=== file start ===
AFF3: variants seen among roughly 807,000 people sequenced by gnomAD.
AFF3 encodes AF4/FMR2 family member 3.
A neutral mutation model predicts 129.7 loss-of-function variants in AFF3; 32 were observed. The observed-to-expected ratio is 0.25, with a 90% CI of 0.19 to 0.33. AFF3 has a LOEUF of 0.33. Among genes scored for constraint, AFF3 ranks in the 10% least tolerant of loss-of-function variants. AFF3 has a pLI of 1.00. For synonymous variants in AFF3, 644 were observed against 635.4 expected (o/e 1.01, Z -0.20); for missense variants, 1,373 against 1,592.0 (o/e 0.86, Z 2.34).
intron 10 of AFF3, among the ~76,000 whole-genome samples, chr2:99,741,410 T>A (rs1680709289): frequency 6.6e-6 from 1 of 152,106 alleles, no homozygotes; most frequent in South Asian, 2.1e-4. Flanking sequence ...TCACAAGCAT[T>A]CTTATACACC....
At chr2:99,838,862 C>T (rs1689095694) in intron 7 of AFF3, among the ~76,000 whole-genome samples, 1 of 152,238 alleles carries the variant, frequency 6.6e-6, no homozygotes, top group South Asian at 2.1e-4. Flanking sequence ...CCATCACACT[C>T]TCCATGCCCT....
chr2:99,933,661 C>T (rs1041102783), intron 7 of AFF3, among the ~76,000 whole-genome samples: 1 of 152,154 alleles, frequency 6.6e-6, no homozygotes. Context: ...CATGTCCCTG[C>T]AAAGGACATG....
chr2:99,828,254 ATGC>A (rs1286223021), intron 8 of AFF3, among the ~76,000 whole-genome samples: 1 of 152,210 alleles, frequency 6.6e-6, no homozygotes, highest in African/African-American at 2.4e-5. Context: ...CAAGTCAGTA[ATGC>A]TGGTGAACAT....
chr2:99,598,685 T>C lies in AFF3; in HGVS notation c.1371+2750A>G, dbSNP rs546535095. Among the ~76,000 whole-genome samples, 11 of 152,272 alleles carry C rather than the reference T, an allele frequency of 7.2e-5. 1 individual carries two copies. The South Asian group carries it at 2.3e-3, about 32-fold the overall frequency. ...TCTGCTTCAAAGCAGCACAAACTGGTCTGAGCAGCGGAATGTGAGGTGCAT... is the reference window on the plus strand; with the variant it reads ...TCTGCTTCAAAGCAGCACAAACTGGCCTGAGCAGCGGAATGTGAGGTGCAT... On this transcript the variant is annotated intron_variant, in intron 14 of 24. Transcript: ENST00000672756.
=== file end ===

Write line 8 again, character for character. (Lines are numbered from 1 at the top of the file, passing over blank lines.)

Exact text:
chr2:99,598,685 T>C lies in AFF3; in HGVS notation c.1371+2750A>G, dbSNP rs546535095. Among the ~76,000 whole-genome samples, 11 of 152,272 alleles carry C rather than the reference T, an allele frequency of 7.2e-5. 1 individual carries two copies. The South Asian group carries it at 2.3e-3, about 32-fold the overall frequency. ...TCTGCTTCAAAGCAGCACAAACTGGTCTGAGCAGCGGAATGTGAGGTGCAT... is the reference window on the plus strand; with the variant it reads ...TCTGCTTCAAAGCAGCACAAACTGGCCTGAGCAGCGGAATGTGAGGTGCAT... On this transcript the variant is annotated intron_variant, in intron 14 of 24. Transcript: ENST00000672756.